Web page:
Every day as I leave work to come home for the evening, I call home to tell my wife that I am leaving the office. Well, most evenings. Sometimes I forget, but this particular evening was not one of those exceptions. I chatted momentarily with my wife and told her I’d be home in about 15 minutes. As soon as I had hung up, the phone rang again. My wife quickly said, “Could you stop and pick up a couple things at the store?” “Sure,” I said. She gave me the list of milk, eggs and a treat for our family night. We said our “see you soon” and I put my phone in my pocket.
Moments later my phone buzzed my leg again. I straightened my leg to get the phone out of my creased pocket and pressed the gas pedal a little too hard in the process. I managed to hit the brakes before having an accident with the car in front of me and got to the phone. It was my oldest son telling me what he wanted for a treat. I gave an exasperated, “Fine, see you soon.” Then I hung up again. Just as I rolled into the grocery store parking lot my phone, which now sat on the center console to avoid further car hazards, lit up for a fourth time.
I thought to myself, “I just got off the phone with them. What could they possibly need now?” I answer, “Yes!?” My son Eli’s voice rang through the phone with a new level of brightness and happiness, “Hi Dad.” “Hi Eli,” I replied. Then… silence. For several seconds I heard nothing but heavy six year old breathing. I continued, “Did you need something bud?” He then hit me with a line that swept away all the irritation or stress of the day. He said, “No Dad, I just wanted to hear you. I love you.” I said, “Thanks man. I love you too. See you when I get home. “Awesome, see ya!” He shouted. Then, that was it. I sat in the car holding a dead phone to my ear with a grin on my face that reached from one ear, all the way to the other.
The Best Kind of “I love you”
I’ve found that the best expression of love is the kind Eli shared with me that evening on the phone. It wasn’t just the phone call or even that he said the words “I love you.” Rather it was the meaning and pure intent by which he expressed his love that meant the most. I’ve notice that the pure and simple expressions of love are usually the most well received by our spouses, our children and by anyone. We want to feel genuinely loved and appreciated. Three main elements of Eli’s expression struck me that evening and have helped me to connect at a deeper level with my family members.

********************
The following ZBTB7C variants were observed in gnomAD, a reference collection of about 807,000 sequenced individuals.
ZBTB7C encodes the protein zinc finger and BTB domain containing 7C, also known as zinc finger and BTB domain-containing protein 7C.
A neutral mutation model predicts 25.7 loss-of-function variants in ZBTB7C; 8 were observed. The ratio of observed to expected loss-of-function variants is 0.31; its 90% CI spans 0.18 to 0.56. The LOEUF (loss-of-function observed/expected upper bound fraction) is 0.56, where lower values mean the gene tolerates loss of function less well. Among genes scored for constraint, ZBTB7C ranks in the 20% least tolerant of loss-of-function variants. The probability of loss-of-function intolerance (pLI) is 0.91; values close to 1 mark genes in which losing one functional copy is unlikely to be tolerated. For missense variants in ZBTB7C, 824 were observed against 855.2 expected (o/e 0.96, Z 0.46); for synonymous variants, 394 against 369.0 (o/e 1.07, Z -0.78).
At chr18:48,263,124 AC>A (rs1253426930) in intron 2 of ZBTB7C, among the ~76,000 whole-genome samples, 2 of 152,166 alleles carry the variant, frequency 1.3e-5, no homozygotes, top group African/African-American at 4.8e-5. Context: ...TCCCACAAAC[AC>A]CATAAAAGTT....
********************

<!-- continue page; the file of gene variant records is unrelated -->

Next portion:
1. It was spontaneous: Eli called just because. He didn’t need anything. There was no other obligation or motivation for calling other than to share feelings.
2. It was deliberate: He called because he wanted to. No one made him do it. His call was purposeful and intentional. He had a genuine interest in me and could not wait to talk to me again, so he made the effort to make the connection.
3. It was purely expressive: He had no thought of return. He wasn’t keeping score. He wasn’t concerned with reciprocation. He simply wanted me to know that he loved me.
New Heights of Connection
Since this experience with Eli, I’ve tried to apply these principles of expressive love and have experienced new heights in my ability to feel connected and to build up and guide my children in positive ways. This applies, not only to how we express love to our children but to our spouse and the other people that are most special to us in our lives. Everyone loves to feel like someone genuinely loves and cares about them. We live in a world of ulterior motives where people feel obligated and compelled to do and say certain things in order to get the results they want.
Making a greater effort to call my kids or wife in the middle of a work day, or write them a note has meant more than planned events or habitual daily expressions. My wife is especially mindful of giving spontaneous, deliberate, and expressive acts of love. She will often leave notes of appreciation and love for me in my lunch box, or take aside one of our children to tell them how much she loves them. Her day is often sprinkled with ongoing “I love you more then you love me” contests.
When we pay special attention to being deliberate, spontaneous and genuinely expressive, those expressions pierce our children’s hearts and build connection and bonds that cannot be broken.
Question: What can you do this week to be more deliberate, spontaneous and purely expressive with your expressions of love and affection?
Originally published at truparenting.net
photo: Flickr/Bénédicte Jourdier